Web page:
Curiosities of the Museum
The Harrogate Museums and Arts collection holds a lot of famous treasures, from Faberge and Grimshaw to unique ancient Egyptian items. But there are also more unusual sorts of treasures held within the collection, ones that reflect life in a different time, ones that seem a little strange to the modern observer, but these museum curiosities are equally treasured for the fascination and intrigue that they hold. Here is a little snapshot to give you a bit of insight into some of these more curious items.
Fancy having your weight recorded at the start and end of an extended hotel stay? No? Us neither! But some visitors to Harrogate did just that. This book records the weight of visitors to Harrogate between 1810 and 1886
. The Merlin weighing machine was used to gauge the effectiveness of any spa treatments through comparing weights before and after treatment courses. The idea of having your weight recorded for all to see is a little mortifying, but for the insight it provides into the health, thinking and life of the 19th century Harrogate spa visitor it is worth its weight in gold (or paper in this case).
Not an item often required by the 21st century lady, this clip is a skirt lifter. The long Victorian skirts, although desirable for both fashion and modesty, were a constant source of restraint and hindrance to the ladies wearing them. Swishing through filthy streets in garments that were hard to clean, negotiating kerbs, staircases and puddles were all problematic.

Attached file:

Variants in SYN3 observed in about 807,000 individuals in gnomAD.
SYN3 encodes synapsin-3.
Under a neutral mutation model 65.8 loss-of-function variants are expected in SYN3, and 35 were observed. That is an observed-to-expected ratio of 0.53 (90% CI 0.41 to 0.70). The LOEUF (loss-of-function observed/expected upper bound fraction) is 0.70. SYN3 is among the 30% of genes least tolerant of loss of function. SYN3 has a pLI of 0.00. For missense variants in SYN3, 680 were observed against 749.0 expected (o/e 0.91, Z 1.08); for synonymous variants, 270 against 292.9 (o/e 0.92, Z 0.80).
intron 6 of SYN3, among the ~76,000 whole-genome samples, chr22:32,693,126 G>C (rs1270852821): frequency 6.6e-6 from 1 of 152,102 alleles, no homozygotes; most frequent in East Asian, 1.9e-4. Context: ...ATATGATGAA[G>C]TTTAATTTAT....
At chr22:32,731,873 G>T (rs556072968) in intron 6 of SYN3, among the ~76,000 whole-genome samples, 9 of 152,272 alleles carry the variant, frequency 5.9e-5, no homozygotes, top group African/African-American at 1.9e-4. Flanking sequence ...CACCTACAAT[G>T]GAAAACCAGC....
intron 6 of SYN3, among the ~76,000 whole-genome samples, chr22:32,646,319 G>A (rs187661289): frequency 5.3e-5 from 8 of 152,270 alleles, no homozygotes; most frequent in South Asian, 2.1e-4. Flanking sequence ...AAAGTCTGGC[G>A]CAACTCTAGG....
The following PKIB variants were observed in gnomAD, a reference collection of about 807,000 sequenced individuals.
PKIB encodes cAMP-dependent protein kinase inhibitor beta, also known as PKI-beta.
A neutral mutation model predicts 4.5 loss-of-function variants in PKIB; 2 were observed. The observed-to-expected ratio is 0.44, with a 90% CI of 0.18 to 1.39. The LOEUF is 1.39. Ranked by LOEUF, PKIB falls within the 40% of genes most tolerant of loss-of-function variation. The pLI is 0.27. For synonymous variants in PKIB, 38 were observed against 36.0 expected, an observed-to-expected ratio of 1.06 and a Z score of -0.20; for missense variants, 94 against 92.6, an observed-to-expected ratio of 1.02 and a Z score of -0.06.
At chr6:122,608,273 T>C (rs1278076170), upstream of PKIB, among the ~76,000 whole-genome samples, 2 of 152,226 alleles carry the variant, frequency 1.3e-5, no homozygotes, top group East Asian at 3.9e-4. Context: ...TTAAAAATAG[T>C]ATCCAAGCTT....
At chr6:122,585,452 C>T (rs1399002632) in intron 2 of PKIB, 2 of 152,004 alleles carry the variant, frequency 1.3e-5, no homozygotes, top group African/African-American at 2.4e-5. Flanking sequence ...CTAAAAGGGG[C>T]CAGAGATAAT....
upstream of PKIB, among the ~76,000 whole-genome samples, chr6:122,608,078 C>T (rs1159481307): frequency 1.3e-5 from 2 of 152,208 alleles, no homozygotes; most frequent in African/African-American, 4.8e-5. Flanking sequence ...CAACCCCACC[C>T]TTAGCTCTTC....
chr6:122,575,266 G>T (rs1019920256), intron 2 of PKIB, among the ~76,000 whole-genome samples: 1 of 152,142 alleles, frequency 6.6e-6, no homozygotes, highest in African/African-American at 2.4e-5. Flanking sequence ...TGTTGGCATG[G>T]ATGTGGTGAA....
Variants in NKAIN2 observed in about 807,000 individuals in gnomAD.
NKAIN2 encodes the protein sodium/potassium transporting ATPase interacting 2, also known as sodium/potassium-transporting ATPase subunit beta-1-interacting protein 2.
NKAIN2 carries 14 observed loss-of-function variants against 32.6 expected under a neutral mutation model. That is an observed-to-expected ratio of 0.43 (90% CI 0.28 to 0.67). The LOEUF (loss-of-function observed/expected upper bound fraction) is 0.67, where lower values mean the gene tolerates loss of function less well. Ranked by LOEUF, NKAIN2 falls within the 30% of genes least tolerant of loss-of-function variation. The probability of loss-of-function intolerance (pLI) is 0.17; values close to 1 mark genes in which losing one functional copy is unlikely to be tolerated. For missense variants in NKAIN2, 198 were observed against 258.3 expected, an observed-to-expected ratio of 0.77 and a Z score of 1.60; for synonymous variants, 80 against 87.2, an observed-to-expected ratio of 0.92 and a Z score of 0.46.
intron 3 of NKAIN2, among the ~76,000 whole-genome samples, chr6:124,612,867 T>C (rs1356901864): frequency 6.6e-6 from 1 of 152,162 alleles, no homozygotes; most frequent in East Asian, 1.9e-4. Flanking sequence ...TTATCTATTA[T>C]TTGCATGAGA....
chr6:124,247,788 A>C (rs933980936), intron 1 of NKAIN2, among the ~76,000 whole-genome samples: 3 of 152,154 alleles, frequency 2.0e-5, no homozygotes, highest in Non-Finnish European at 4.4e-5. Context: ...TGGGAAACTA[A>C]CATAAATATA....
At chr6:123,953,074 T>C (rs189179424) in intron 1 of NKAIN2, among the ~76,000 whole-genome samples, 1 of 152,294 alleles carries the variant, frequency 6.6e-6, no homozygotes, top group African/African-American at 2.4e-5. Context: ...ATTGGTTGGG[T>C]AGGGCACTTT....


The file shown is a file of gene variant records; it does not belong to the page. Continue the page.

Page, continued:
However, with the invention of the skirt lifter in 1846, help was at hand. The decorative clip attached half way down the lady’s long skirts and she pulled the attached cord at her waist, allowing her to elegantly lift the skirt and step up a curb, join in a dance or even ride a bike.
How about a bottle full of liquid that you can’t stand upright, would that be useful? Actually, surprisingly it is. This strangely torpedo shaped bottle is known as a Hamilton Bottle and came into general use in 1840. The shape meant they had to be stored on their side, which helped the water stay carbonated for longer than if it was stored upright. Bottled water, from many of the different mineral wells in Harrogate, could be sent to patients at home if they wanted to continue with the “cure” after their stay in the town.
Then there’s the children’s toy made from a goose vertebrae, the 1960s hydrotherapy treatment machines that to us look a little like devices used by Bond villains, the fascinating Valentine’s Day telegram that simply asks “Is this what you want?” and much much more. The Harrogate museum collection is a treasure trove of curious items providing a fascinating glimpse into the lives of Harrogate’s past inhabitants and visitors.
Read the next blog in this series too.
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